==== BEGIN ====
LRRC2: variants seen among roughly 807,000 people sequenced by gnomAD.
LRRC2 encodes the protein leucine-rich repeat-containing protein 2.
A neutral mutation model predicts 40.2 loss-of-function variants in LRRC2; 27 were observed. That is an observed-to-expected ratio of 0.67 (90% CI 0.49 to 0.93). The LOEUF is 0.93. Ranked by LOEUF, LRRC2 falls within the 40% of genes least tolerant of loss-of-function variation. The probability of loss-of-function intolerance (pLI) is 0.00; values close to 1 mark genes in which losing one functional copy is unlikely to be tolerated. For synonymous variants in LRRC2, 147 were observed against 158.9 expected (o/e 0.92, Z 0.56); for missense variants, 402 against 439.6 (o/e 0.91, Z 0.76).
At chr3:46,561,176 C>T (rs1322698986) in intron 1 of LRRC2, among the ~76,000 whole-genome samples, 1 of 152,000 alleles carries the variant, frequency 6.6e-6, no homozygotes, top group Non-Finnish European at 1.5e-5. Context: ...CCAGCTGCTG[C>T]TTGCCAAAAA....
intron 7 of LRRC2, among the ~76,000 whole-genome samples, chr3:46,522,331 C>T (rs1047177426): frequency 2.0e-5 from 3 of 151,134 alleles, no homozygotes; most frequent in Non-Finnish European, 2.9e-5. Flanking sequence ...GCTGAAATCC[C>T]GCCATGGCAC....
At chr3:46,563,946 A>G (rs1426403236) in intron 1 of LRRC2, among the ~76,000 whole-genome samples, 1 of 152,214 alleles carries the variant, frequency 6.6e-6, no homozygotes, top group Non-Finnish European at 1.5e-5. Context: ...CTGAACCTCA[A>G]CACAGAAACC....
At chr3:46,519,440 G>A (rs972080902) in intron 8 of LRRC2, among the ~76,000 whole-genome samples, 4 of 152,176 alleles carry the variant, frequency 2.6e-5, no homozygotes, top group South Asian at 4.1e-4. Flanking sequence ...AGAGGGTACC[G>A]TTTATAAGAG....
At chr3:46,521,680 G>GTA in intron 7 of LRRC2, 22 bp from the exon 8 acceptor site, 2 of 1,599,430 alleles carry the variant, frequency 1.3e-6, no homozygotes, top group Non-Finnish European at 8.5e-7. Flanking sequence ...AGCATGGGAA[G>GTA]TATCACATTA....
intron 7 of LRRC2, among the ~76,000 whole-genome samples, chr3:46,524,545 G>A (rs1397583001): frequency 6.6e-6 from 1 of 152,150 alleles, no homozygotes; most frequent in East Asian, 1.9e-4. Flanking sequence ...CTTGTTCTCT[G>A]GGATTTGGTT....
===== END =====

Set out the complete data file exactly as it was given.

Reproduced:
LRRC2: variants seen among roughly 807,000 people sequenced by gnomAD.
LRRC2 encodes the protein leucine-rich repeat-containing protein 2.
A neutral mutation model predicts 40.2 loss-of-function variants in LRRC2; 27 were observed. That is an observed-to-expected ratio of 0.67 (90% CI 0.49 to 0.93). The LOEUF is 0.93. Ranked by LOEUF, LRRC2 falls within the 40% of genes least tolerant of loss-of-function variation. The probability of loss-of-function intolerance (pLI) is 0.00; values close to 1 mark genes in which losing one functional copy is unlikely to be tolerated. For synonymous variants in LRRC2, 147 were observed against 158.9 expected (o/e 0.92, Z 0.56); for missense variants, 402 against 439.6 (o/e 0.91, Z 0.76).
At chr3:46,561,176 C>T (rs1322698986) in intron 1 of LRRC2, among the ~76,000 whole-genome samples, 1 of 152,000 alleles carries the variant, frequency 6.6e-6, no homozygotes, top group Non-Finnish European at 1.5e-5. Context: ...CCAGCTGCTG[C>T]TTGCCAAAAA....
intron 7 of LRRC2, among the ~76,000 whole-genome samples, chr3:46,522,331 C>T (rs1047177426): frequency 2.0e-5 from 3 of 151,134 alleles, no homozygotes; most frequent in Non-Finnish European, 2.9e-5. Flanking sequence ...GCTGAAATCC[C>T]GCCATGGCAC....
At chr3:46,563,946 A>G (rs1426403236) in intron 1 of LRRC2, among the ~76,000 whole-genome samples, 1 of 152,214 alleles carries the variant, frequency 6.6e-6, no homozygotes, top group Non-Finnish European at 1.5e-5. Context: ...CTGAACCTCA[A>G]CACAGAAACC....
At chr3:46,519,440 G>A (rs972080902) in intron 8 of LRRC2, among the ~76,000 whole-genome samples, 4 of 152,176 alleles carry the variant, frequency 2.6e-5, no homozygotes, top group South Asian at 4.1e-4. Flanking sequence ...AGAGGGTACC[G>A]TTTATAAGAG....
At chr3:46,521,680 G>GTA in intron 7 of LRRC2, 22 bp from the exon 8 acceptor site, 2 of 1,599,430 alleles carry the variant, frequency 1.3e-6, no homozygotes, top group Non-Finnish European at 8.5e-7. Flanking sequence ...AGCATGGGAA[G>GTA]TATCACATTA....
intron 7 of LRRC2, among the ~76,000 whole-genome samples, chr3:46,524,545 G>A (rs1397583001): frequency 6.6e-6 from 1 of 152,150 alleles, no homozygotes; most frequent in East Asian, 1.9e-4. Flanking sequence ...CTTGTTCTCT[G>A]GGATTTGGTT....